Imported wines are popular with wine fans. In fact, imported wine accounts for 26 percent of dollar sales in the wine industry, according to WineBusiness.com. The thirst for imported wine is creating opportunities for wine importers.
Robert Maxwell is the president of the National Association of Beverage Importers (NABI). In Maxwell’s opinion, the first step in becoming a successful wine importer is determining which products to import. That’s largely based on potential consumer interest. Then the wine importer, also known as a wine agent, must locate the wine supply.
Before wine can be imported into the U.S., agents must file for a free federal license, followed by the appropriate state license. License expenses can vary by state. After the product is imported, labels of approval from both the federal and state governments must be obtained.
Scott Fraser started Forbes Fraser Wines Ltd. over 12 years ago. It all began when a former professor, Jim Forbes, asked Fraser if he wanted to start a hobby company importing wine. “In my ignorance,” says Fraser, “I said yes.”
The company grew steadily, “in part because I think we were smart,” says Fraser, and “in part because of good timing.”
After four years, it was enough of a “real company” for Fraser to work on it part time, which quickly led to full-time employment. Soon even his wife, Sonia, quit her job to join the growing business, working as sales manager.
Essentially, Fraser says, their business is wholesaling. “We purchase wine by the tens, hundreds or thousands of cases from wineries around the world, ship them to our warehouse, then reship them to our customers.”
The Ways of a Wine Agent
Fraser’s job boils down to finding wines, getting them into the country and preparing marketing materials for the sales team. Sonia Fraser is in charge of selling the wine, with assistance from one full-time and one part-time employee.
The romantic notion of jet-setting around the world looking for wines is just that — a romantic notion. In reality, Fraser says he finds most of his global suppliers through fax and e-mail. He then deals with all the legalities required for import, takes orders and arranges shipping.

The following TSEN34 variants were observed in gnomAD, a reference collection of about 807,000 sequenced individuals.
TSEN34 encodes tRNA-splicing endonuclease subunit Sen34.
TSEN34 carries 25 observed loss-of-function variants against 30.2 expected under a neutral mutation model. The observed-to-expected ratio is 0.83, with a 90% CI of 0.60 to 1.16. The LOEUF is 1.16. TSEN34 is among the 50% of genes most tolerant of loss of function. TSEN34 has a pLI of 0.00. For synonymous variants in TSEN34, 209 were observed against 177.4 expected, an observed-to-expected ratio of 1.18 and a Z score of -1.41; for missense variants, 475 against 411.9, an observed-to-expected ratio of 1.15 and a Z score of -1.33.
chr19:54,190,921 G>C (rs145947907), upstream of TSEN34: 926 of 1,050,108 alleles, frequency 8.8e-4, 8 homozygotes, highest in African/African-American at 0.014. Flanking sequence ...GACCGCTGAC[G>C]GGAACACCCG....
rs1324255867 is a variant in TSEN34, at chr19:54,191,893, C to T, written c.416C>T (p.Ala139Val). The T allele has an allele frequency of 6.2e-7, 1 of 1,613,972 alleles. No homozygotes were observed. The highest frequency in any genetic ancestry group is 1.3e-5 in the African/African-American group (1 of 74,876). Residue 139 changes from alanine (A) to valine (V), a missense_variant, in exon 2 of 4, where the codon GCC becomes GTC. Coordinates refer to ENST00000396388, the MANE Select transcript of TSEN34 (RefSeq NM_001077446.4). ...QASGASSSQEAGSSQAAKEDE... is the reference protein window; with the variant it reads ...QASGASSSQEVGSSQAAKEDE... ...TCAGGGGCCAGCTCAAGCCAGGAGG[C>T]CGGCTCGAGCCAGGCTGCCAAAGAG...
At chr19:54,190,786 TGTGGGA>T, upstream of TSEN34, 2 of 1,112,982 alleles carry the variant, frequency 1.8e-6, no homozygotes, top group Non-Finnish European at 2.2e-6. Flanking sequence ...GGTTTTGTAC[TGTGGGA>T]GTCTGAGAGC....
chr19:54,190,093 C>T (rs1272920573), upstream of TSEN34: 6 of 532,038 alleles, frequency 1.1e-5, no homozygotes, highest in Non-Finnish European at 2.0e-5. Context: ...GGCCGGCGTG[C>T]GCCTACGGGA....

As a small business owner, he also manages the accounting, financial analysis and inventory for the company. “We work in a [government-regulated] environment, so there is no shortage of paperwork to deal with,” he says.
“The sales side involves dealing with a very wide range of customers, from…liquor store managers to food-and-wine-loving restaurant owners to individual consumers,” says Fraser.
Most of the jobs in this industry are sales positions. Wages depend on factors like the person’s level of experience, the company they work for and its compensation plan. Fraser says a typical salesperson can expect to earn from the low-$30,000s to upwards of $50,000 in salary and commission.
“Owner-managers can obviously do better,” says Fraser. “But it takes many years to build up a wide enough selection of products and a broad enough customer base from a standing start.”
He notes that most companies are very lean, employing only a sales force, a sales manager, a senior manager-owner and support staff. Few companies have a middle-management level.
According to the most recent figures from the Occupational Employment Statistics (OES), purchasing managers earn an average annual salary of $81,570 in the U.S.
Degree-holders do tend to have an advantage when pursuing a sales position in the wine importing business: a degree in marketing may be particularly helpful. However, Fraser feels that for someone with a flair for sales and excellent people skills, the actual type of degree is unimportant.
Winning at Wine Importing
For Fraser, one of the high points of working in the wine importing trade is the camaraderie. “Everyone in the business knows everyone and [they] are largely on friendly terms,” he says. “Despite the fact our products compete, we all get along.”
The downsides of the business can include low profit margins and less than outstanding salaries. Since most of the people agents deal with are thousands of miles away, there can also be a sense of isolation.
Fraser points out that wine importing isn’t a high-pressure sales kind of business. The key, he says, lies in developing good relationships. “Success comes from building personal ties to your customers over a long period of time,” he says. To enjoy this business, you must like people, food, and of course, wine.
Occupational Outlook Handbook
For more information related to this field, see Purchasing Managers, Buyers and Purchasing Agents in the OOH
National Association of Beverage Importers
Check out the association’s home page
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